According to Eric Hunsader, outspoken critic of high-frequency traders, he is the recipient of a whistleblower award from the Securities and Exchange Commission (SEC).
On January 15 the SEC revealed that it would pay “more than $700,000” to a whistleblower in return for “independent analysis as well as independent knowledge of securities law violations” which ultimately resulted in a $5 million fine for the New York Stock Exchange in 2012. The SEC is not allowed to reveal the identity of the whistleblower by law, writes Francine McKenna for MarketWatch.
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SEC declines to comment on payment
There was no comment from SEC on the alleged payment to Hunsader. The SEC made the award for the first time under the Dodd-Frank Wall Street Reform and Consumer Protection Act of 2010, which allows the body to reward a third party that analyzes possible violations of securities law.
According to Hunsader, his firm Nanex found out about the issue on 6 May 2010, the first day of the flash crash. Hunsader says that the tools currently in use at the SEC would be unlikely to spot a similar issue if it happened again. The financial body uses a market data analyzing tool called Midas.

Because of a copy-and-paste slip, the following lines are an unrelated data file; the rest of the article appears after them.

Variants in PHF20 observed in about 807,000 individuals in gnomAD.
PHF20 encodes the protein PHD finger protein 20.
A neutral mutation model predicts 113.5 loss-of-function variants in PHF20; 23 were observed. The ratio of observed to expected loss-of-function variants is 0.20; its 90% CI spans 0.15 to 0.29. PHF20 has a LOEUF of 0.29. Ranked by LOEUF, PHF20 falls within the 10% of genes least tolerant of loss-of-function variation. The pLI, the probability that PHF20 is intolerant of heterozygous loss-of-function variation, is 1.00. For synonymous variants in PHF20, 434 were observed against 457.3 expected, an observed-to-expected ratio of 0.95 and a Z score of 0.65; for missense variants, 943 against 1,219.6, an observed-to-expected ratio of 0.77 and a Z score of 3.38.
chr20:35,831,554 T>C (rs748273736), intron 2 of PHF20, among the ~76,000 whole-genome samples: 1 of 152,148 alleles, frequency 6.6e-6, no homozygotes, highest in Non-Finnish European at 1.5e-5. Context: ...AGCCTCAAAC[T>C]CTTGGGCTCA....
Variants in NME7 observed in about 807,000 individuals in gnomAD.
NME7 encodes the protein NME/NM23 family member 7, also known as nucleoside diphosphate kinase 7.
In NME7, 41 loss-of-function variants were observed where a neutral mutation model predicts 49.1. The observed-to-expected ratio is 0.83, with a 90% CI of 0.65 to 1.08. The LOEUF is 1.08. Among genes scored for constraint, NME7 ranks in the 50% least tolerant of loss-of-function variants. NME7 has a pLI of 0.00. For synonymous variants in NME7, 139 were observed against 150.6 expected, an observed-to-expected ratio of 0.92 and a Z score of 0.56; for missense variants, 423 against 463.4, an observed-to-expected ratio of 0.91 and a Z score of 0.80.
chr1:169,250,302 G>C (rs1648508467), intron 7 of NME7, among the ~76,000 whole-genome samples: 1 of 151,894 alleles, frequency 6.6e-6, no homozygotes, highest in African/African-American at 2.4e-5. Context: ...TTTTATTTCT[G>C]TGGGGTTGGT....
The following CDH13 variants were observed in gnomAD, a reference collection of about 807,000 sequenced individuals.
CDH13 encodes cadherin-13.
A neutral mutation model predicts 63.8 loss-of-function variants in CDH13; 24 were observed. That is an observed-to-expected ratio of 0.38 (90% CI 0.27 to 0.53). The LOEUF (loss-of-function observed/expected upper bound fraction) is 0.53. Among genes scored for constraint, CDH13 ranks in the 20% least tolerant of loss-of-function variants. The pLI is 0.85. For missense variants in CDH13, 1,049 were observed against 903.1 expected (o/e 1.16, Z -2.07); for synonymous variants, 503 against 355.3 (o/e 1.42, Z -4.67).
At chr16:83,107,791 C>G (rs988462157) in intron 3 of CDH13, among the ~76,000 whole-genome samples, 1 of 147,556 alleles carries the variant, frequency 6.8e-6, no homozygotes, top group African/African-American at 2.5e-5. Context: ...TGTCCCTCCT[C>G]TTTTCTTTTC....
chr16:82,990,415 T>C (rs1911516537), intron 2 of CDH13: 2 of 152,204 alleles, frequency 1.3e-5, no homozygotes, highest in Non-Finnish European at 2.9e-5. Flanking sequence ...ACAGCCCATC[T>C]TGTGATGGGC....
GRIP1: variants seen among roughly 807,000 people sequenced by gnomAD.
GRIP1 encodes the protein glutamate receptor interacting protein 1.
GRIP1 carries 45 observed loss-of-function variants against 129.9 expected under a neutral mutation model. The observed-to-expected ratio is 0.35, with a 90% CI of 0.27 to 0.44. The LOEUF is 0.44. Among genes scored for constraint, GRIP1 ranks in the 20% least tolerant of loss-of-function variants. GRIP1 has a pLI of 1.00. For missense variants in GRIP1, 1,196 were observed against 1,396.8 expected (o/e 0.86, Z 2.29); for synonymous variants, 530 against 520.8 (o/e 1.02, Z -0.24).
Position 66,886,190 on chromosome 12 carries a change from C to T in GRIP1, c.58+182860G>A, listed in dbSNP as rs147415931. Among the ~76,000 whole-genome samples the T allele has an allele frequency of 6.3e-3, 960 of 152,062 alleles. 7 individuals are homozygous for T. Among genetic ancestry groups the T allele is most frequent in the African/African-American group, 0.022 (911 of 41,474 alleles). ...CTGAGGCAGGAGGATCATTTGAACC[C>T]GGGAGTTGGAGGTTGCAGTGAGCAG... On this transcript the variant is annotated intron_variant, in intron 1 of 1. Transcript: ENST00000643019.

“You could do it with Midas but not out of the box. You would really have to know what you’re doing. So, I would say no, they can’t do what we did,” he said.
Hunsader never thought he would be taken seriously
Hunsader maintains that he told the NYSE about the issue first, but was rebuffed. Outsiders often run into difficulties trying to tell regulators about an issue, but Hunsader thinks that an introduction from another regulator helped his cause.
“One reason why this worked with the SEC is that Andrei Kirilenko, who was at the CFTC at the time, the chief economist then, invited us in June 2010 to speak to them about what we found on the Flash Crash day. The SEC was there and Andrei introduced me. If I didn’t have that, this might have gone nowhere,” he said.
Hunsader was also pleased by the reaction of Mark Donohue, assistant director in the SEC’s Office of Compliance Inspections and Examinations at the time. “I feel a little bad because I never thought they were going to follow up. When the NYSE fine came out it really hit me,” he said.
The whistleblower will spend his money on college tuition for his four daughters.